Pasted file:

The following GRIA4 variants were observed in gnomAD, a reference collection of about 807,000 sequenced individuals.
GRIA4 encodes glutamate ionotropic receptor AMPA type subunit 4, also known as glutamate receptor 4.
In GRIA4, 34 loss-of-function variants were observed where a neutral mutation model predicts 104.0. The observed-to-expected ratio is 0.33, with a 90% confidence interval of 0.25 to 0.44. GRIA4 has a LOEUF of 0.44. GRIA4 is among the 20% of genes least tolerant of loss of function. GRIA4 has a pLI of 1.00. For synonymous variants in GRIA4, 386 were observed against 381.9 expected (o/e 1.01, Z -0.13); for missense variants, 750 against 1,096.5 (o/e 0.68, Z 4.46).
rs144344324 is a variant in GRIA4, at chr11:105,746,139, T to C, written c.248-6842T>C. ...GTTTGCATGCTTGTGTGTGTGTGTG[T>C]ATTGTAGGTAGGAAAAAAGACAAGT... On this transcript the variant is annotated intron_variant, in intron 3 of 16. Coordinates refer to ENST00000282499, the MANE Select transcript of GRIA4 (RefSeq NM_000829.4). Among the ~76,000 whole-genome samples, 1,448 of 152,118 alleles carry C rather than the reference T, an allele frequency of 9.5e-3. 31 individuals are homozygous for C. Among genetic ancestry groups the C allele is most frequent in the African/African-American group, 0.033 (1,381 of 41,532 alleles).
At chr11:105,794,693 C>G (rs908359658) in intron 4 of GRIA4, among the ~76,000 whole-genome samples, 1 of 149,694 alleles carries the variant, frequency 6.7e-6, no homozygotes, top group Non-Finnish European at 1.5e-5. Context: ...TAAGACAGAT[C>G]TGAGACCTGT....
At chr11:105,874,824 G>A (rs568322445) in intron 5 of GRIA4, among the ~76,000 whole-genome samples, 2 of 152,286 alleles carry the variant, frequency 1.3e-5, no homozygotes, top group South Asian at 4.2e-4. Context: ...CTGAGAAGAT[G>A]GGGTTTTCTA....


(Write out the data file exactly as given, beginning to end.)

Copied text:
The following GRIA4 variants were observed in gnomAD, a reference collection of about 807,000 sequenced individuals.
GRIA4 encodes glutamate ionotropic receptor AMPA type subunit 4, also known as glutamate receptor 4.
In GRIA4, 34 loss-of-function variants were observed where a neutral mutation model predicts 104.0. The observed-to-expected ratio is 0.33, with a 90% confidence interval of 0.25 to 0.44. GRIA4 has a LOEUF of 0.44. GRIA4 is among the 20% of genes least tolerant of loss of function. GRIA4 has a pLI of 1.00. For synonymous variants in GRIA4, 386 were observed against 381.9 expected (o/e 1.01, Z -0.13); for missense variants, 750 against 1,096.5 (o/e 0.68, Z 4.46).
rs144344324 is a variant in GRIA4, at chr11:105,746,139, T to C, written c.248-6842T>C. ...GTTTGCATGCTTGTGTGTGTGTGTG[T>C]ATTGTAGGTAGGAAAAAAGACAAGT... On this transcript the variant is annotated intron_variant, in intron 3 of 16. Coordinates refer to ENST00000282499, the MANE Select transcript of GRIA4 (RefSeq NM_000829.4). Among the ~76,000 whole-genome samples, 1,448 of 152,118 alleles carry C rather than the reference T, an allele frequency of 9.5e-3. 31 individuals are homozygous for C. Among genetic ancestry groups the C allele is most frequent in the African/African-American group, 0.033 (1,381 of 41,532 alleles).
At chr11:105,794,693 C>G (rs908359658) in intron 4 of GRIA4, among the ~76,000 whole-genome samples, 1 of 149,694 alleles carries the variant, frequency 6.7e-6, no homozygotes, top group Non-Finnish European at 1.5e-5. Context: ...TAAGACAGAT[C>G]TGAGACCTGT....
At chr11:105,874,824 G>A (rs568322445) in intron 5 of GRIA4, among the ~76,000 whole-genome samples, 2 of 152,286 alleles carry the variant, frequency 1.3e-5, no homozygotes, top group South Asian at 4.2e-4. Context: ...CTGAGAAGAT[G>A]GGGTTTTCTA....